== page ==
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I would like to convert a string representing a key on the keyboard to a keycode enum like Qt::Key (or anything else). Example conversions would be:

  • "Ctrl" to Qt::Key_Control
  • "Up" to Qt::Key_Up
  • "a" to Qt::Key_A
  • "5" to Qt::Key_5

As you see the above includes not just alpha numeric keys but modifiers and special keys. I'm not attached to the Qt keycode enum, but it seems that Qt has this parsing functionality in QKeySequence's fromString static function (see this direct link):

QKeySequence fromString(const QString & str, SequenceFormat format);

You might as why I need this conversion. Well, I have a data file generated by GhostMouse. It's a log of what I type. Here's an example of me typing " It ":

{SPACE down}
{Delay 0.08}
{SPACE up}
{Delay 2.25}
{SHIFT down}
{Delay 0.11}
{i down}
{Delay 0.02}
{SHIFT up}
{Delay 0.03}
{i up}
{Delay 0.05}
{t down}
{Delay 0.08}
{t up}
{Delay 0.05}
{SPACE down}
{Delay 0.12}
{SPACE up}

So I need a way to convert the string "SPACE" and all the other strings representing keys in this data file to a unique int.

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3 Answers 3

up vote 2 down vote accepted

You were already on the right track looking at QKeySequence, as this can be used to convert between string and key codes:

QKeySequence seq = QKeySequence("SPACE");
qDebug() << seq.count(); // 1

// If the sequence contained more than one key, you
// could loop over them. But there is only one here.
uint keyCode = seq[0]; 
bool isSpace = keyCode==Qt::Key_Space;
qDebug() << keyCode << isSpace;  // 32 true

QString keyStr = seq.toString().toUpper();
qDebug() << keyStr;  // "SPACE"

added by OP

The above does not support modifier keys such as Ctrl, Alt, Shift, etc. Unfortunately, QKeySequence does not acknowledge a Ctrl key by itself as a key. So, to support modifier keys, you can add a non-modifier key to the sequence and then subtract it from the code. The following is the complete function:

uint toKey(QString const & str) {
    QKeySequence seq(str);
    uint keyCode;

    // We should only working with a single key here
    if(seq.count() == 1)           
        keyCode = seq[0]; 
    else {
        // Should be here only if a modifier key (e.g. Ctrl, Alt) is pressed.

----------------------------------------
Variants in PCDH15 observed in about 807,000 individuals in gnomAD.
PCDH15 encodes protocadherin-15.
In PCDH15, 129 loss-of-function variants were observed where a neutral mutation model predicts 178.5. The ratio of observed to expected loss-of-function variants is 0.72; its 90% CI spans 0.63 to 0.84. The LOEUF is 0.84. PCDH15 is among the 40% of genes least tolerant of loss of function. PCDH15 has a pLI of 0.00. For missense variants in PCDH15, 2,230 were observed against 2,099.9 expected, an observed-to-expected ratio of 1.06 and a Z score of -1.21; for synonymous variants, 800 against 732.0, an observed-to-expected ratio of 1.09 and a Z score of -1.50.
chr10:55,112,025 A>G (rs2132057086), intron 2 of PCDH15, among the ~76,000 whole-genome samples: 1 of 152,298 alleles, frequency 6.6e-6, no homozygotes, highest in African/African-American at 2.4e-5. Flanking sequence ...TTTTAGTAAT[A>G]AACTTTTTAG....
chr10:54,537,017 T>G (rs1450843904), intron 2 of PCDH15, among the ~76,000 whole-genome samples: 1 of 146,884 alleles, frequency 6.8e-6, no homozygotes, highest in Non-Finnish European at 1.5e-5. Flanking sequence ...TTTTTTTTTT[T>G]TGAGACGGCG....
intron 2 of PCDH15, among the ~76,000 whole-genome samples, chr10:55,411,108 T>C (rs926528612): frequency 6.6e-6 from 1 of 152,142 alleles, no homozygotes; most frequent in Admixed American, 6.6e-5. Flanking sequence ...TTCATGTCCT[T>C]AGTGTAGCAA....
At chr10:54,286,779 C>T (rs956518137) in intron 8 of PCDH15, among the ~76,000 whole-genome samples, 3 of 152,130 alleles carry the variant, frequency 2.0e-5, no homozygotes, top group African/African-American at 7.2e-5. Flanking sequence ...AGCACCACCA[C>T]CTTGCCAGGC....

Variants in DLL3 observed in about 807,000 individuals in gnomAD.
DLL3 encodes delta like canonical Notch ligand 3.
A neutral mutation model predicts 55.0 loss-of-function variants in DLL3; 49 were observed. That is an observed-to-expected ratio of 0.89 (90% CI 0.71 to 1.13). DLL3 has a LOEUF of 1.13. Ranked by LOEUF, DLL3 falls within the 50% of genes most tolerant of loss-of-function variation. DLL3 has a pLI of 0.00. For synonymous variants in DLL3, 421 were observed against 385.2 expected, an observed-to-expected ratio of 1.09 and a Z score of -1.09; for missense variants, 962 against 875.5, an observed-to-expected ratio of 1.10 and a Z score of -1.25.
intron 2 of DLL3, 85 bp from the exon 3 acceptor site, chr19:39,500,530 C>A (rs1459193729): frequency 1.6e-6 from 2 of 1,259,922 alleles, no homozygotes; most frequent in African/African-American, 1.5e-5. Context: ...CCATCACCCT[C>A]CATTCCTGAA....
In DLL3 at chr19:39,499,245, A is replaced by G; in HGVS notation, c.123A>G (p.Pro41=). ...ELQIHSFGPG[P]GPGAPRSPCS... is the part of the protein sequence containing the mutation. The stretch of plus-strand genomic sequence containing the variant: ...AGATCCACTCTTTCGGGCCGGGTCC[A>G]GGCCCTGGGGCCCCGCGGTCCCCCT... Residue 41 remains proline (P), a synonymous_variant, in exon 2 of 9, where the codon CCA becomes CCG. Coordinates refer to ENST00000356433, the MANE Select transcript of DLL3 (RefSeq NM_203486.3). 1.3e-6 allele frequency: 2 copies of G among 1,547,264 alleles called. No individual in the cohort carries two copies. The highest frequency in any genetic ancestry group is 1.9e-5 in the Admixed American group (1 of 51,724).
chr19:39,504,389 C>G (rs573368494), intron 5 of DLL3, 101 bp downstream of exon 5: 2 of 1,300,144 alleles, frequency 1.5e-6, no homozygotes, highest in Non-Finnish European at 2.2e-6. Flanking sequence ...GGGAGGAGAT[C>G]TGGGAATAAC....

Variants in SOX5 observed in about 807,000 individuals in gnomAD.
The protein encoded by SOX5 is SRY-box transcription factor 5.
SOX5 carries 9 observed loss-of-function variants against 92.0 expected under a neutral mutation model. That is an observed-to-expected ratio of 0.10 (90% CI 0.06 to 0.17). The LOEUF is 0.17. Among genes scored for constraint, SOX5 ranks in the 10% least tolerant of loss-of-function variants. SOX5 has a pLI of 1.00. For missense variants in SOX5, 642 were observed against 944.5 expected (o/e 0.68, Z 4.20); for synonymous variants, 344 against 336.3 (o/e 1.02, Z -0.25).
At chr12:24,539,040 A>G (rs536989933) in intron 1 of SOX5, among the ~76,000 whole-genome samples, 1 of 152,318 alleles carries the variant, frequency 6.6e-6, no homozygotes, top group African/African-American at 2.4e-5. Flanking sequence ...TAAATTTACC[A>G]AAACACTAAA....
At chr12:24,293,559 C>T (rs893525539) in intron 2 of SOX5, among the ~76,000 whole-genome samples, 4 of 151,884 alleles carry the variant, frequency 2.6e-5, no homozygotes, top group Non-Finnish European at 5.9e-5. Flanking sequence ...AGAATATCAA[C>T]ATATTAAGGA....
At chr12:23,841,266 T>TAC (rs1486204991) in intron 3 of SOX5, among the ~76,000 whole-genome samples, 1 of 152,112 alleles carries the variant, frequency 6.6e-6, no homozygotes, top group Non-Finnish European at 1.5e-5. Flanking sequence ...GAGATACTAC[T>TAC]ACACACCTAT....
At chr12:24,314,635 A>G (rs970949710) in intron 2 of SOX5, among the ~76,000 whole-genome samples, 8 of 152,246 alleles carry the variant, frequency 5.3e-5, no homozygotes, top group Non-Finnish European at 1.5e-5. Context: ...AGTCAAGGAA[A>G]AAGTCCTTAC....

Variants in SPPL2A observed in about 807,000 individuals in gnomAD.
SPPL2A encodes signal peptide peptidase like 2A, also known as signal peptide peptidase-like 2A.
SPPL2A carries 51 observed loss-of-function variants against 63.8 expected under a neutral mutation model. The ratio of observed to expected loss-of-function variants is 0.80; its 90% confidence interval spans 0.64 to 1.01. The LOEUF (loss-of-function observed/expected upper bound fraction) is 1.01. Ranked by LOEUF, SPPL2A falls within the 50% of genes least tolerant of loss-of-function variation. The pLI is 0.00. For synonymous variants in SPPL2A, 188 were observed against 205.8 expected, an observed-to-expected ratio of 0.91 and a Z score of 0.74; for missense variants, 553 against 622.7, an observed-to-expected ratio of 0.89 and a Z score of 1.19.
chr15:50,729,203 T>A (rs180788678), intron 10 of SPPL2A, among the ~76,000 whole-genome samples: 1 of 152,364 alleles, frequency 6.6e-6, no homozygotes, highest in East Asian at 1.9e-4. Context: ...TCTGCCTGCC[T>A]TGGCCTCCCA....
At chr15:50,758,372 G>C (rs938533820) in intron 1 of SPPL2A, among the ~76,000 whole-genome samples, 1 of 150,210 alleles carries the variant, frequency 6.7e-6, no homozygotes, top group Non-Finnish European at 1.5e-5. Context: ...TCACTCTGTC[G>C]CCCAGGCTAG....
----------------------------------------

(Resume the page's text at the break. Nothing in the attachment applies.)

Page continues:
assert(seq.count() == 0);

        // Add a non-modifier key "A" to the picture because QKeySequence
        // seems to need that to acknowledge the modifier. We know that A has
        // a keyCode of 65 (or 0x41 in hex)
        seq = QKeySequence(str + "+A");
        assert(seq.count() == 1);
        assert(seq[0] > 65);
        keyCode = seq[0] - 65;      

    return keyCode;
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Excellent code. I had to extend it to support modifier keys. I put the result in an answer. If you want to extend your answer with that, I'll mark it as THE answer. –  Alan Turing Dec 26 '12 at 0:14
Well I don't want to just steal your work since you came up with the extended functionality. I am fine if you need to mark yours as the real solution :-) What you can do if you want is move your answer to just an update to your question, and then mark mine as the answer. –  jdi Dec 26 '12 at 2:35
Ooops I thought you meant move it to your answer. I hope that works for you. I guess the edit needs to be "approved". –  Alan Turing Dec 26 '12 at 2:55
No problem. I added a small header for it. You can just mark this answered if its all good –  jdi Dec 26 '12 at 3:35

You can restore most of key codes, for example, QKeySequence::fromString("SPACE")[0] returns 32. It doesn't work for Shift, Ctrl, etc, so you should process some strings on your own.

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How do you know about the Shift and Ctrl, and do you know the rational behind that? –  Alan Turing Dec 25 '12 at 22:16
You can process modifiers with the following keys to create a valid QKeySequence like QKeySequence("Shift+I"). –  Oleg Shparber Dec 25 '12 at 23:07

In one line, try it:

qDebug() << QKeySequence(event->modifiers()+event->key()).toString() << '\n';

First I call the QKeySequence contructor and then convert it to string using toString().

Output (the last one is the windows key):



















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